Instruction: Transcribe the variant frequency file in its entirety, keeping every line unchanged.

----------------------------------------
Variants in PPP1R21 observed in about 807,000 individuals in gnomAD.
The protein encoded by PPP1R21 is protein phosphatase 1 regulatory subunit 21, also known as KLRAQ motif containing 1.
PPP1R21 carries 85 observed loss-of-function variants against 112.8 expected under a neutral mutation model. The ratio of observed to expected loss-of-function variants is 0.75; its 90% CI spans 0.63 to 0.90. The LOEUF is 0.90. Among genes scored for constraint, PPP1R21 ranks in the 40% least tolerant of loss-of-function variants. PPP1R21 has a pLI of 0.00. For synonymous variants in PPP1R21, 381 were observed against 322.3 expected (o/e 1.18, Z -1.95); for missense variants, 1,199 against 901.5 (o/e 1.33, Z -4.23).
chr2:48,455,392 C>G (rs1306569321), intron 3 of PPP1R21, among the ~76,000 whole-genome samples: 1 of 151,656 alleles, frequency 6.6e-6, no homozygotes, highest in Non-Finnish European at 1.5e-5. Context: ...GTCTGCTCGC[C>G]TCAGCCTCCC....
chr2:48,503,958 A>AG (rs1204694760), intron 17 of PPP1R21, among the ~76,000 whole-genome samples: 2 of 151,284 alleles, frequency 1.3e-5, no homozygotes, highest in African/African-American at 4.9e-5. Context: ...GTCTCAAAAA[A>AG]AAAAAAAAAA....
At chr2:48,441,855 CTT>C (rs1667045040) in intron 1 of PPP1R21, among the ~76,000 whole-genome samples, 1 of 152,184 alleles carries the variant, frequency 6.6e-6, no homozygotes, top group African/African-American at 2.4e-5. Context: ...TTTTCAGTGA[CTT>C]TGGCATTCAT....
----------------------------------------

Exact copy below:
Variants in PPP1R21 observed in about 807,000 individuals in gnomAD.
The protein encoded by PPP1R21 is protein phosphatase 1 regulatory subunit 21, also known as KLRAQ motif containing 1.
PPP1R21 carries 85 observed loss-of-function variants against 112.8 expected under a neutral mutation model. The ratio of observed to expected loss-of-function variants is 0.75; its 90% CI spans 0.63 to 0.90. The LOEUF is 0.90. Among genes scored for constraint, PPP1R21 ranks in the 40% least tolerant of loss-of-function variants. PPP1R21 has a pLI of 0.00. For synonymous variants in PPP1R21, 381 were observed against 322.3 expected (o/e 1.18, Z -1.95); for missense variants, 1,199 against 901.5 (o/e 1.33, Z -4.23).
chr2:48,455,392 C>G (rs1306569321), intron 3 of PPP1R21, among the ~76,000 whole-genome samples: 1 of 151,656 alleles, frequency 6.6e-6, no homozygotes, highest in Non-Finnish European at 1.5e-5. Context: ...GTCTGCTCGC[C>G]TCAGCCTCCC....
chr2:48,503,958 A>AG (rs1204694760), intron 17 of PPP1R21, among the ~76,000 whole-genome samples: 2 of 151,284 alleles, frequency 1.3e-5, no homozygotes, highest in African/African-American at 4.9e-5. Context: ...GTCTCAAAAA[A>AG]AAAAAAAAAA....
At chr2:48,441,855 CTT>C (rs1667045040) in intron 1 of PPP1R21, among the ~76,000 whole-genome samples, 1 of 152,184 alleles carries the variant, frequency 6.6e-6, no homozygotes, top group African/African-American at 2.4e-5. Context: ...TTTTCAGTGA[CTT>C]TGGCATTCAT....